AbstractA decision maker who is facing a random demand for a perishable product, such as newspapers, decides how many units to order for a single selling period. This single-period inventory problem is often referred to as the "classic newsvendor problem", in which the selling price is fixed, the order must be made before the selling period, and the decision maker is risk-neutral. If the decision maker orders too many (overage), the inventory cost will be too high. If the decision maker orders too few (underage), the potential profit will be lost. The optimal order quantity is a balance between the expected costs of overage and underage.
This thesis investigates an extension of the classic newsvendor problem. In this extension the demand depends on the selling price, the decision maker may obtain an additional order at a higher price during the selling period, and the decision maker is risk-averse (not risk-neutral). The problem is to find optimal order quantity and selling price so that the expected utility of the risk-averse decision maker is maximized.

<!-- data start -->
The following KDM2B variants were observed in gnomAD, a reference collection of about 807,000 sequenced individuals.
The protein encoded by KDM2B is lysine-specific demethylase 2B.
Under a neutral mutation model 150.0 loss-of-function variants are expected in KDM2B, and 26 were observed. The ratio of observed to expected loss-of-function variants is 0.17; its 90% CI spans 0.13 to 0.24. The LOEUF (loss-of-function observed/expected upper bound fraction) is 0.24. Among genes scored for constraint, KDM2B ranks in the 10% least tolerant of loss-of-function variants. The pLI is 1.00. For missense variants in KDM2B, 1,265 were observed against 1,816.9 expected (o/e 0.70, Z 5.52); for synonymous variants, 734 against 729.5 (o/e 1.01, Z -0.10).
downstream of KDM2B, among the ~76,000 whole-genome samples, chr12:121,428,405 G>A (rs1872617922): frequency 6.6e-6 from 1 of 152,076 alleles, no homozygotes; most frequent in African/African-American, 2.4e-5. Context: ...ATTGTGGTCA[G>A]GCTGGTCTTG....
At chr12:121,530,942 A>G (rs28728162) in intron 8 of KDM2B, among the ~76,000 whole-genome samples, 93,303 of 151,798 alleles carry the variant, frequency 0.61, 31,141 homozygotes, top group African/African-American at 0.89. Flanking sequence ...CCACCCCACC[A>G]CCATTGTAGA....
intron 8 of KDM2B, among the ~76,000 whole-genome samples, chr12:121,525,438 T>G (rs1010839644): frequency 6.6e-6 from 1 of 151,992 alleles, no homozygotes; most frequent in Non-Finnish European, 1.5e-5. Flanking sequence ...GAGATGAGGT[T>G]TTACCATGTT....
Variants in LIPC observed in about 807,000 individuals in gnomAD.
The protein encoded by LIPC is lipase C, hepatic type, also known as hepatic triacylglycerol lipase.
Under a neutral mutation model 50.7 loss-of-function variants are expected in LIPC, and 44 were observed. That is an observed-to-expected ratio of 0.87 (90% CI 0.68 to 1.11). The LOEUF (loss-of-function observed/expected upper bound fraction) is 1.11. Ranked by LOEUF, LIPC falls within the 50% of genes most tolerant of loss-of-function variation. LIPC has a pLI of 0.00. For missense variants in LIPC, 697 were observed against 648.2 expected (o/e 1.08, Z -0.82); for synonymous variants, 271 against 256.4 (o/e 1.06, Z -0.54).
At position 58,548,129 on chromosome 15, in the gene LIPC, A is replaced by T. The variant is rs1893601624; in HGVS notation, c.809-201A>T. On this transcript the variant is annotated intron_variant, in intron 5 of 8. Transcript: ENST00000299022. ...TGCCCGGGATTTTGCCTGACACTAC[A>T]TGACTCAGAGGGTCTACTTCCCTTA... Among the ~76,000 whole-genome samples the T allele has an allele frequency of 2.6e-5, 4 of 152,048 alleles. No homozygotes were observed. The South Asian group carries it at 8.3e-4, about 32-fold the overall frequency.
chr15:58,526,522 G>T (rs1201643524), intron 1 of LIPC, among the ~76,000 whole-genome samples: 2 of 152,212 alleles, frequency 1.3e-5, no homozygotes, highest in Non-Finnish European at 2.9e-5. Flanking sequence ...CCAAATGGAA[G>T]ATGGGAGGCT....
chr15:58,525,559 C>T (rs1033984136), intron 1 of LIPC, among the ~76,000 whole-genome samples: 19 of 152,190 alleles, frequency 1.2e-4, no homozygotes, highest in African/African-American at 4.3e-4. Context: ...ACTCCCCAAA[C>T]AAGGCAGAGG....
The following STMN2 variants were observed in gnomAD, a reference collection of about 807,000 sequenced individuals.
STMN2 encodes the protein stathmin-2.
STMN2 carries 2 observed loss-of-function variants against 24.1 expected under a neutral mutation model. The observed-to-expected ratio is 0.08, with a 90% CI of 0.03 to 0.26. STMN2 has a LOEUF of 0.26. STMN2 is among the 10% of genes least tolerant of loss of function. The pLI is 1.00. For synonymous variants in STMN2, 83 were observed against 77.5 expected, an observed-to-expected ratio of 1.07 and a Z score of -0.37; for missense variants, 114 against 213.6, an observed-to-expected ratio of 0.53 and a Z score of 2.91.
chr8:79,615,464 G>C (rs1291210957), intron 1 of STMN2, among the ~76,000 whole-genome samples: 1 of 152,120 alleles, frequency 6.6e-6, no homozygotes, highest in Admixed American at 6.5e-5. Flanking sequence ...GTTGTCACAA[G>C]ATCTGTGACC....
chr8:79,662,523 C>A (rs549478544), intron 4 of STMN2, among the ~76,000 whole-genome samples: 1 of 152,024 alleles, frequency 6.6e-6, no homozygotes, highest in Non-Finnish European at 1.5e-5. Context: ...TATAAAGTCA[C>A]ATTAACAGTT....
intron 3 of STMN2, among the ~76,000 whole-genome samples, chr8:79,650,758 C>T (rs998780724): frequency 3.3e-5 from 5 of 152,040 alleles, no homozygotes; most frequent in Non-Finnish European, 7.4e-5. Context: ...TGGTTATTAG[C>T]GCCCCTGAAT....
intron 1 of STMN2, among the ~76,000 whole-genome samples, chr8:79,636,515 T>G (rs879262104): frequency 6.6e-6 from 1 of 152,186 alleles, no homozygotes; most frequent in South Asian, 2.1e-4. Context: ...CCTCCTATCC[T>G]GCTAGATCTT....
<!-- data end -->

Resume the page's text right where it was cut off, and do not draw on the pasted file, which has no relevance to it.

This thesis examines the relationship between the order quantity and the selling price for different risk-averse decision makers in this extended newsvendor problem defined above. The result shows that the relationships are consistent for some decision makers but not for others. For example, if the decision maker exhibits a constant absolute risk aversion (CARA), the optimal order quantity will decline when the selling price increases. If the decision maker has constant relative risk aversion (CRRA), the relationship is complex. This thesis finds that if it is just known that the decision maker is risk-averse, the optimal order quantity placed is less than that made by a risk-neutral decision maker. Further more, the risk-averse decision maker's optimal order quantity falls when her/his risk aversion increases. However, the relationship between order quantity and selling price is still indeterminate in this case.
This extension of the classic newsvendor problem provides a more realistic dynamic setting than before, therefore providing an excellent framework for examining how the inventory problem interacting with the marketing issue (selling price) will influence decision makers at the firm level. It also provides an integrated framework for investigating different variations of newsvendor problems. Thus, this thesis will motivate and encourage more applications of the newsvendor problem which is a foundation of many supply chain management problems.
|Date of Award||2004|
|Supervisor||Daning SUN (Supervisor)|